‘I feel fine,’ says man cleared of terror claims

A 22-year-old man who was wrongly seized by police on terrorism suspicions in northern Sweden following a national security alert has said he is feeling well and wants to return to Boliden.

'I feel fine,' says man cleared of terror claims
The police raid in Boliden on Thursday. Photo: Robert Granström/TT

Moder Mothanna Magid was freed without charge and cleared of all suspicions related to terrorism on Sunday, three days after the Säpo security police arrested him in a raid on the asylum accommodation where he had been staying in northern Sweden.

“He is no longer suspected of any crime,” the national prosecutor's office said in a press release.

A couple of hours later Magid phoned his friends in the small town of Boliden.

“I feel fine,” he was quoted as saying by the Aftonbladet tabloid.

Swedish commentators have been lambasting Säpo for what looks likely to go down as one of the most embarrassing false alarms in history. The authority itself said it would now be offering help so that the falsely accused Magid could safely return to society.

“It has to do with his opportunities to continue to live his life in a safe and secure way in Sweden,” press spokesperson Fredrik Milder told Swedish public radio.

“His life has been affected by this incident. We have to take responsibility just as other authorities do when people are torn from their daily lives and are put into a situation like this,” added Milder.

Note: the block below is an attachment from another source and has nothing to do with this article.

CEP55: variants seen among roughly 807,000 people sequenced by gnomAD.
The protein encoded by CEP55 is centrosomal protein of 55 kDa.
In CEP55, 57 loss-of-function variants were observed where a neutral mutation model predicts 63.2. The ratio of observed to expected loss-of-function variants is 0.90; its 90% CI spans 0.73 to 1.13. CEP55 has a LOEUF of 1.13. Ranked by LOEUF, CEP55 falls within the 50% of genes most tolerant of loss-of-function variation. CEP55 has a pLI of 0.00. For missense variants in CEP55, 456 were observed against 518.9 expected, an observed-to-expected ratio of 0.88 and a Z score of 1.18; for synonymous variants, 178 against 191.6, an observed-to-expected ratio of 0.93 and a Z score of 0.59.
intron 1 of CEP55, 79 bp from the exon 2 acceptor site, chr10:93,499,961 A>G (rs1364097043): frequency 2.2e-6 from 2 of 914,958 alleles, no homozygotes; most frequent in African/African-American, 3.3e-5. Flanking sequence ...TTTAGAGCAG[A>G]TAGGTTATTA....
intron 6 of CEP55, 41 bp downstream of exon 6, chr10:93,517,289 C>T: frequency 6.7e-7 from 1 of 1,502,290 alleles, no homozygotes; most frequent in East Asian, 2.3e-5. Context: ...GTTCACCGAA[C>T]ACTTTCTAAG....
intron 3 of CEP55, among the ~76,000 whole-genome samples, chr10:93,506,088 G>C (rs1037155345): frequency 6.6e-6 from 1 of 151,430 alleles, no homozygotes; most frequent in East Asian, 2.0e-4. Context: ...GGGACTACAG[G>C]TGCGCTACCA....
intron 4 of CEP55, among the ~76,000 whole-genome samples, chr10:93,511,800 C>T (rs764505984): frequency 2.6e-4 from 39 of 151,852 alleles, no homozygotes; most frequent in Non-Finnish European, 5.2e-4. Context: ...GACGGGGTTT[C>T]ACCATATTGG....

Meanwhile, Aftonbladet reported the relieved 22-year-old told his friends he was determined to return to Boliden, where he had been staying for several weeks. He also said he had been treated well by Swedish police and held no grudge over his time in custody.

“I am happy to be able to contact my family and my friends,” he said. “I feel fine, everything is perfect.”

Deputy chief prosecutor Hans Ihrman, who is leading the investigation, on Sunday rejected accusations that Säpo had panicked following last week's terror attacks in Paris and Mali. 

“I can only underline that the initial information and the evidence which pointed against him, was sufficiently severe that, in any criminal investigation he would be in focus,” he said. “It was very concrete information and he was pointed out very clearly. I assume we would have done this with or without what happened in Paris.” 

He said that since Magid's arrest, analysis of his computer and mobile telephone, together with his own explanation of the incriminating evidence, had convinced police of his innocence.

Säpo's press chief Sirpa Franzen argued that the present high risk of terror attacks meant all security agencies had to constantly assess whether evidence merited actions. 

“You are forced to act based on an incomplete picture of the situation, and given the uncertain situation that exists right now, it is likely that Europe and Sweden too must adapt to this type of situation in future,” she said.  “The police and Säpo will never hesitate to act quickly and resolutely in such a situation.”